The government wants councils to make more use of voluntary adoption agencies, in the first ever piece of guidance on the issue.
Ministers hope it will end long-standing tension between local authorities and voluntary adoption agencies (VAAs) over costs. Agencies claim councils are unwilling to use VAAs because of perceived high inter-agency fees charged to councils when they commission a voluntary agency or another council to recruit and approve prospective adopters.
Research by Julie Selwyn at Bristol University found councils excluded some expenses included by voluntary agencies when calculating their costs and subsequent fees, creating a disincentive for councils to commission voluntary agencies.
But the government’s updated adoption guidance will send out a strong message that councils should be using VAAs, where appropriate. It will state: “Unwillingness to pay an inter-agency fee should not be the reason for not placing the child.”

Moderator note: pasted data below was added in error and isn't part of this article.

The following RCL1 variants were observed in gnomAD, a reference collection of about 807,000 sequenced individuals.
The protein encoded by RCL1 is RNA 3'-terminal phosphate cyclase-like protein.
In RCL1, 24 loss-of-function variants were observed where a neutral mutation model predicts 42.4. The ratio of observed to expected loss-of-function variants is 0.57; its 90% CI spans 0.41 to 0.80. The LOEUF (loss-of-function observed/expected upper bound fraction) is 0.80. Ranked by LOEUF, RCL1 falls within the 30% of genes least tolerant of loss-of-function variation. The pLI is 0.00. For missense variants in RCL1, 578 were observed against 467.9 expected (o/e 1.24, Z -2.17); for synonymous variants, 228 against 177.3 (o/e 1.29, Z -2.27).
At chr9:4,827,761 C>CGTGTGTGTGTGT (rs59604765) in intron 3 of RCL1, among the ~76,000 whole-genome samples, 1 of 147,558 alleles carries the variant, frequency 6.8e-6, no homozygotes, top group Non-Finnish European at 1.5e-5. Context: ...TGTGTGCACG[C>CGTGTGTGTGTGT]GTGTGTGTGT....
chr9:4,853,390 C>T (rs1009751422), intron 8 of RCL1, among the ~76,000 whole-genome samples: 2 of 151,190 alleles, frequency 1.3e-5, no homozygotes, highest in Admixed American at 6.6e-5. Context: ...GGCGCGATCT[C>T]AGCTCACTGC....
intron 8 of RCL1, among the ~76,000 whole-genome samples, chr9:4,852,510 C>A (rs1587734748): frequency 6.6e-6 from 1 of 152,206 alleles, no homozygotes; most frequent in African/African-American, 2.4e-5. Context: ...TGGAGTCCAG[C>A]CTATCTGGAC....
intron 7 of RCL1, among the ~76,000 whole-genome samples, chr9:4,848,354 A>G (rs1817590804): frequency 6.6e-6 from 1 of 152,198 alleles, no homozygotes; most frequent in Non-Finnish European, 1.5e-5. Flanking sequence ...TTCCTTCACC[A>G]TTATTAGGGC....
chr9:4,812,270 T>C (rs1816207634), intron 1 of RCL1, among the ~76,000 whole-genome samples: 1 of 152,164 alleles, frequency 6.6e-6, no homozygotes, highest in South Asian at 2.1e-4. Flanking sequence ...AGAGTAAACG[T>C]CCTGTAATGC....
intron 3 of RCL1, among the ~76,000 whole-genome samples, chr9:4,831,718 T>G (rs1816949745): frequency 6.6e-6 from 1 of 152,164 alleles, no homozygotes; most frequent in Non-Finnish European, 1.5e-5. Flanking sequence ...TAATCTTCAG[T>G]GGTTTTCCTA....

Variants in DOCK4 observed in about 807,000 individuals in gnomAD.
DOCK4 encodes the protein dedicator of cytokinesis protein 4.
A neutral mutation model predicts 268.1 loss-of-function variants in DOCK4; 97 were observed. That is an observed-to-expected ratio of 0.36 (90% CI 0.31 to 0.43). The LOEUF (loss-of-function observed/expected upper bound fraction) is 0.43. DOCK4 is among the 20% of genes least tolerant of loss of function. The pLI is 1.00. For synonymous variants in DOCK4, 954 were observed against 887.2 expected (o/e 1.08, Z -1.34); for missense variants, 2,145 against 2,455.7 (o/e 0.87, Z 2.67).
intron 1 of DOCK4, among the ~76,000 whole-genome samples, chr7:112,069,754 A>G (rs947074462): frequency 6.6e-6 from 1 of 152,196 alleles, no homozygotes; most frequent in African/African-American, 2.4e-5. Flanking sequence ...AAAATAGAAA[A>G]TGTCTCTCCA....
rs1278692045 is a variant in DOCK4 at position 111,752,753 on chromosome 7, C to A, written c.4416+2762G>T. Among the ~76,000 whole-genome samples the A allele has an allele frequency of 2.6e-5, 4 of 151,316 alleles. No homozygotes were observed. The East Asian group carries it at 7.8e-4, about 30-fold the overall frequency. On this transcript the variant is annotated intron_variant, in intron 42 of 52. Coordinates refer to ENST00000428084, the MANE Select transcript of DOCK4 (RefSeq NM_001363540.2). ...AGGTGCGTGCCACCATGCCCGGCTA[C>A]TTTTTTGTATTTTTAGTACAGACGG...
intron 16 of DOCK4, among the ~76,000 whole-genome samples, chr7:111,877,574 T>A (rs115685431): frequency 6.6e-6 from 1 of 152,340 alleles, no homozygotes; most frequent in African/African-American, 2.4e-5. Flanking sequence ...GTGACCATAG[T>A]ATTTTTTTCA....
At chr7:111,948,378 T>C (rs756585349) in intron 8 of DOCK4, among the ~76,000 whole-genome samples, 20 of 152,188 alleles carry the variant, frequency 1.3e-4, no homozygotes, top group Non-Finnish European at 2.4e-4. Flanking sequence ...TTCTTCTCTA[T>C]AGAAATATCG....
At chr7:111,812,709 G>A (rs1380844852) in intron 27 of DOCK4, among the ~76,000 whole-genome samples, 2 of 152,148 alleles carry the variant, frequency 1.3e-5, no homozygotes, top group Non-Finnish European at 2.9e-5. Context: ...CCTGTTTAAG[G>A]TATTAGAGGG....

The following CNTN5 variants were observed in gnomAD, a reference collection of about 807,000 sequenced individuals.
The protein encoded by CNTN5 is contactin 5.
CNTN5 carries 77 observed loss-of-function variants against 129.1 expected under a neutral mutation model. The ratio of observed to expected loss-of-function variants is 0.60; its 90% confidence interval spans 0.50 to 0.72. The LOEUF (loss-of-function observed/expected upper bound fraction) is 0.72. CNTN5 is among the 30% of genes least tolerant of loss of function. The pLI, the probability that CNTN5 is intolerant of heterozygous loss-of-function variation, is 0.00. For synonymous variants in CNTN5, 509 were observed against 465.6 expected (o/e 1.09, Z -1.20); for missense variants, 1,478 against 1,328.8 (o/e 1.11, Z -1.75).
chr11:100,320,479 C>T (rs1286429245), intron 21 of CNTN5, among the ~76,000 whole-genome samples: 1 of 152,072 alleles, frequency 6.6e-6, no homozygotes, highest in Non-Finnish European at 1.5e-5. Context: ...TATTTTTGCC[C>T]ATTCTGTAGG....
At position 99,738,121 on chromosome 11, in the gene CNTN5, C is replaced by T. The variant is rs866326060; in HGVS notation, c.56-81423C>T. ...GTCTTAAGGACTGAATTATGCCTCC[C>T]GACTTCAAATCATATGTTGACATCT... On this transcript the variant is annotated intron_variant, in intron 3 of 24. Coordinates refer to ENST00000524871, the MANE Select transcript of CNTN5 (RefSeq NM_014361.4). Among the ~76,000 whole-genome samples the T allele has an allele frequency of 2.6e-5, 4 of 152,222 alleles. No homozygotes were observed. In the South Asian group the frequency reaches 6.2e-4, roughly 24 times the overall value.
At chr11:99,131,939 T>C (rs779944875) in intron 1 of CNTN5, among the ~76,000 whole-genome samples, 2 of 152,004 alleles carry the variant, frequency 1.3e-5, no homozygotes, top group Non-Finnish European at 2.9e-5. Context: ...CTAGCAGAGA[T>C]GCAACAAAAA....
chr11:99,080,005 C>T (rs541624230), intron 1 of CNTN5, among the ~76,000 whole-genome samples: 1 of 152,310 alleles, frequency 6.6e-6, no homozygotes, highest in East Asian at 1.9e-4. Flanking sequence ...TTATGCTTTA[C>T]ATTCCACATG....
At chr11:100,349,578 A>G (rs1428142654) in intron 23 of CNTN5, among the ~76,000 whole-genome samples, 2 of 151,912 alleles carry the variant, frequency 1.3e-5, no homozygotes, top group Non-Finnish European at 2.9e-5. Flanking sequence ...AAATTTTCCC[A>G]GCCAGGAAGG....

“Where a local authority is aware that a particular prospective adopter approved by another adoption agency can best meet the needs of a child, they should negotiate with the agency about the possible placement of the child with that family.”
“Indeed, research provides clear evidence that effective use of voluntary adoption agencies had a positive impact on finding suitable and timely placements at a lower cost for local authorities. It shows that local authorities have under-estimated their own costs and this has influenced their belief about the costs of VAA placements and that the true costs of both VAA and local authority family finding are almost identical at around £36,000, similar to the cost of the child remaining in foster care for 18 months.”
Chris Scott, interim director of the Consortium of Voluntary Adoption Agencies (CVAA), said: “This guidance sends out the strongest possible message yet that at a time of cuts placing children for adoption, without delay, through a VAA is in the best interests of children and makes sound economic sense.”
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